Hillary's Style Crash
Like you, I have been watching with fascination as our sleek, svelte, coiffed, poised, ever-smiling ex-First Lady turns into a grim-lipped, shapeless, stringy-haired old bag in a muu-muu. I am not even going to attempt to draw any inferences about Mrs. Clinton's state of mind. Even less am I going to try to deduce what this style collapse tells us about the inner dynamics of the Clinton marriage. Like everybody else, I have long since given up trying to figure out what that is all about. I just want to indulge in some personal nostalgia, and pass a few general remarks about the world. Look, this is a web magazine. As his colleague says to Robert DeNiro in Taxi Driver, when DeNiro has scoffed at the guy's garbled attempt to answer some large question about the purpose of life: "Whaddya expect — Bertrand Russell? I'm a cabbie." And anyway, if you were paying attention, I actually gave you Bertrand Russell last week.
I grew up in a small English country town. For an intelligent teenager, there were only two political scenes going. One of them was the Young Conservatives / Young Farmers crowd. (The two organizations were consubstantial and coextensive. Pas métayers à gauche, in England at any rate.) The other was Young Socialists / CND. "CND" stands for "Campaign for Nuclear Disarmament," a movement that urged the British government to abandon its nuclear weapons. CND ebbed and flowed through the '60s, '70s and '80s in Britain, depending on the requirements of Soviet foreign policy. It was, of course, a wholly-owned subsidiary of the KGB, though there were some sincere people in it (including, in an earlier phase, Bertrand Russell! — I can't seem to shake off the old goat these few days).
The YC/YF crowd drank beer, drove Land Rovers, played rugby, listened to soft pop, wore tweeds and brogues (the men), pretty dresses, cardigans and pearls (the women … though in later life the women, too, have gone into tweeds and brogues, I notice). The YS/CND people drank wine, drove Deux Chevauxs (you need a plural of a plural here … I give up), played chess, listened to Edith Piaf and wore black turtle-neck sweaters. In such a small place you couldn't avoid considerable contact with both sets, but they were philosophically and culturally at opposite poles. They were Guelphs and Ghibellines, Cavaliers and Roundheads, Yankees and Mets, matter and anti-matter.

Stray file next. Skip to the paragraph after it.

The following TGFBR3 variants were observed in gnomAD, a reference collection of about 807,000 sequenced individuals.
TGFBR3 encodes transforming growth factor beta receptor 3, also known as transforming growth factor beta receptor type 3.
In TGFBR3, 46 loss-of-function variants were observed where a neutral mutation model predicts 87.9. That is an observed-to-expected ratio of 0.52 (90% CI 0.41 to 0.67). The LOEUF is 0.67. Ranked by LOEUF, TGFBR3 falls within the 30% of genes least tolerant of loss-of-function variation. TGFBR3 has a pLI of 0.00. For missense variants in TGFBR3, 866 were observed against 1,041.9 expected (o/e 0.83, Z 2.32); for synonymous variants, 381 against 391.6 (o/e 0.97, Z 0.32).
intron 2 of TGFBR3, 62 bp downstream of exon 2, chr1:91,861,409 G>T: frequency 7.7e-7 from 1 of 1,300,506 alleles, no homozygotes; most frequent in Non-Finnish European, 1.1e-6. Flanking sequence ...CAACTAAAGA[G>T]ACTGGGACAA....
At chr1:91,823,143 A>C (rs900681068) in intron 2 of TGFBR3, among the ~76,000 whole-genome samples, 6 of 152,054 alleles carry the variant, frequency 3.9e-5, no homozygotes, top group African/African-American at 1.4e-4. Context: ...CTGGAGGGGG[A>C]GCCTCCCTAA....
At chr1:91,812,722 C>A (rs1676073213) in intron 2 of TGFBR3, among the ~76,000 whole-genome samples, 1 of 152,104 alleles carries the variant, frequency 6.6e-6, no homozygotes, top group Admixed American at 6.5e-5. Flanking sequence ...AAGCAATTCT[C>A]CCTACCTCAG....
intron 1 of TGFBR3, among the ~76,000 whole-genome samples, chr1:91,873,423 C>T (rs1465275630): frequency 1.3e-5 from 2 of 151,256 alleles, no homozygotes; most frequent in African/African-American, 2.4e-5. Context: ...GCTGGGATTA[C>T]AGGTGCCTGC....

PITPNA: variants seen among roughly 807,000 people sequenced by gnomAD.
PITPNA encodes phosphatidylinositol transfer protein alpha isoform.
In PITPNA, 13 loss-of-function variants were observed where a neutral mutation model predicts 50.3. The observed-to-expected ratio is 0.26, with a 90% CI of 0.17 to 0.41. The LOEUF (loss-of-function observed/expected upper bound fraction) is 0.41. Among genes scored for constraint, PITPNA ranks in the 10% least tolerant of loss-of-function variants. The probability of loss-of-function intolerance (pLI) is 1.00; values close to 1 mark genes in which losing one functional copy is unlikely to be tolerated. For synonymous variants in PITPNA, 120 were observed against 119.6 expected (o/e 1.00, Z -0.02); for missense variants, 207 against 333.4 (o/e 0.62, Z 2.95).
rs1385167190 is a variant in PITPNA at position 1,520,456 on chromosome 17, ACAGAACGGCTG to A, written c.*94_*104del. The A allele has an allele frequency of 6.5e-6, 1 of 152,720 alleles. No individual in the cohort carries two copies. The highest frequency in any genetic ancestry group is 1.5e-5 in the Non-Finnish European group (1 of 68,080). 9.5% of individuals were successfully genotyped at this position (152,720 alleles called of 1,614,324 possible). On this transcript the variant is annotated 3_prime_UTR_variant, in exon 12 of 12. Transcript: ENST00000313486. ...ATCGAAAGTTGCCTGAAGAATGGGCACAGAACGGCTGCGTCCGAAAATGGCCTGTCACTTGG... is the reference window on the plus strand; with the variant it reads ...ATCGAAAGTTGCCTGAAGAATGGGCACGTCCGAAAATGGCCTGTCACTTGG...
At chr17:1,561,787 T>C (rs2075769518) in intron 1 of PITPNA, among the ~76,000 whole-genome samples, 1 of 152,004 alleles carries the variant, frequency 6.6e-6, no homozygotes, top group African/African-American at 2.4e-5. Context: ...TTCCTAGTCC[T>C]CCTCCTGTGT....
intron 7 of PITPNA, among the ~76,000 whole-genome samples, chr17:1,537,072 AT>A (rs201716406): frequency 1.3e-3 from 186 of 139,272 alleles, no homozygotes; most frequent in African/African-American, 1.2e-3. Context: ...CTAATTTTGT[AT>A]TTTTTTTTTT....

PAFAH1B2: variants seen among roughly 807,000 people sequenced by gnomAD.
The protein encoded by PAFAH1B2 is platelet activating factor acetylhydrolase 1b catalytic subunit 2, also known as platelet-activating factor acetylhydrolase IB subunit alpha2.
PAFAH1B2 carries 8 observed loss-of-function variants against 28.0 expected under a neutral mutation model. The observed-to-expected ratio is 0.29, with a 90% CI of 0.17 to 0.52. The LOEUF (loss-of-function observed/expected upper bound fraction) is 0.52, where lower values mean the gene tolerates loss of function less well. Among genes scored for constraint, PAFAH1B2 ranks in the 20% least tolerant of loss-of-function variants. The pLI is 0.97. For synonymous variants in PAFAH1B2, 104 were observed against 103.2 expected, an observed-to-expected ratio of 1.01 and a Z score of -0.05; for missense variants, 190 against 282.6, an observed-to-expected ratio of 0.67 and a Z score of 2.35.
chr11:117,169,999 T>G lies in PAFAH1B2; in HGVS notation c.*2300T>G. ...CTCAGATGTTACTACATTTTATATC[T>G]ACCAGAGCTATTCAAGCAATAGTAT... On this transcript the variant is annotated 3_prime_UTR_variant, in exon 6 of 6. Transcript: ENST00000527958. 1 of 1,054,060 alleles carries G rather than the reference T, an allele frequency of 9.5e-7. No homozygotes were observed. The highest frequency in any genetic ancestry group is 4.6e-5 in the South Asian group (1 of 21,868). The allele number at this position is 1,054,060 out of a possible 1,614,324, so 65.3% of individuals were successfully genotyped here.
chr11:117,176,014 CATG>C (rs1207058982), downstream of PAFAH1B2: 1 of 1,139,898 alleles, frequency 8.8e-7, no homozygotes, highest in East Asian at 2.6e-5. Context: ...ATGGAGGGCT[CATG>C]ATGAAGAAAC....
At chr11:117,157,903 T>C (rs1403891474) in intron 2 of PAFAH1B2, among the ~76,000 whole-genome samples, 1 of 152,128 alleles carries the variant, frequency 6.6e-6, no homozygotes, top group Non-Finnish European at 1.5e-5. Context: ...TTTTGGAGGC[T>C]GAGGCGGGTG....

The main thing that caught my febrile adolescent attention was the very striking difference in the female population of these two political tribes. The conservative women were much prettier, but the socialist girls were much looser. The star of the latter set was actually a girl named … well, never mind her name. Her nickname was "Nookie," and for very excellent reasons. Though far from being a beauty queen, and even further from being obsessive-compulsive about personal hygiene (regarded in this set as a contemptible bourgeois affectation), this young lady, not to obscure the matter behind any veil of false delicacy, banged like an outhouse door in a force nine gale. Well, youth has its own priorities. I became a socialist, and remained one well into my twenties.
I have shaken off my youthful leftism, but not the conviction that conservative women are prettier, and more moral, than their sisters on the Left. Possibly my perceptions on this matter, after so long a residence in my psyche, are now hopelessly colored by partiality. During the recent election fiasco in Florida, when the media lefties started bad-mouthing Katherine Harris, I was baffled. She had struck me, from her first appearance, and with due allowance for her age, as a very attractive woman.
Still, I think I could make an objective case for the general proposition. Just line them up, for goodness' sake. On the Left: Janet Reno, Donna Shalala, Hillary Clinton (you can take her before or after the style crash, far as I'm concerned), Madeleine Albright, Barbra Streisand, Rosie O'Donnell, Katie Couric, Anna Quindlen, Andrea Dworkin, Eleanor Roosevelt, Nina Khrushchev, Mao Tse-tung's last wife … On the Right: Margaret Thatcher, Condoleeza Rice (pity about that forename — what were her parents thinking of?), Linda Chavez, Katherine Harris, Laura Bush (a cutie, in my book, though I wish she'd get the squint fixed), Suzanna Gratia Hupp, Heather Nauert (oh God), Paula Zahn, Ann Coulter, Peggy Noonan, Grace Coolidge, Elizabeth the First, the last Tsarina, Eva Peron … I rest my case.
There are a few necessary qualifications, but I don't think they blunt my argument. They may actually strengthen it. Madeleine Albright, for example, is said to have been a babe when younger. Well, water will find its level, physical states return to equilibrium sooner or later, and all lefty women, whatever attributes they may have started out with, revert to type at last. Margaret Thatcher at 60 could still drive men crazy — I would have given my all for one favoring glance. Those Young Conservative girls I used to know, who are now Middle-Aged Conservatives in tweeds, manage to look good in tweeds. (There is, in fact, a great deal to be said for women in tweeds. There will be a future column on this topic.) But Hillary Clinton at 60?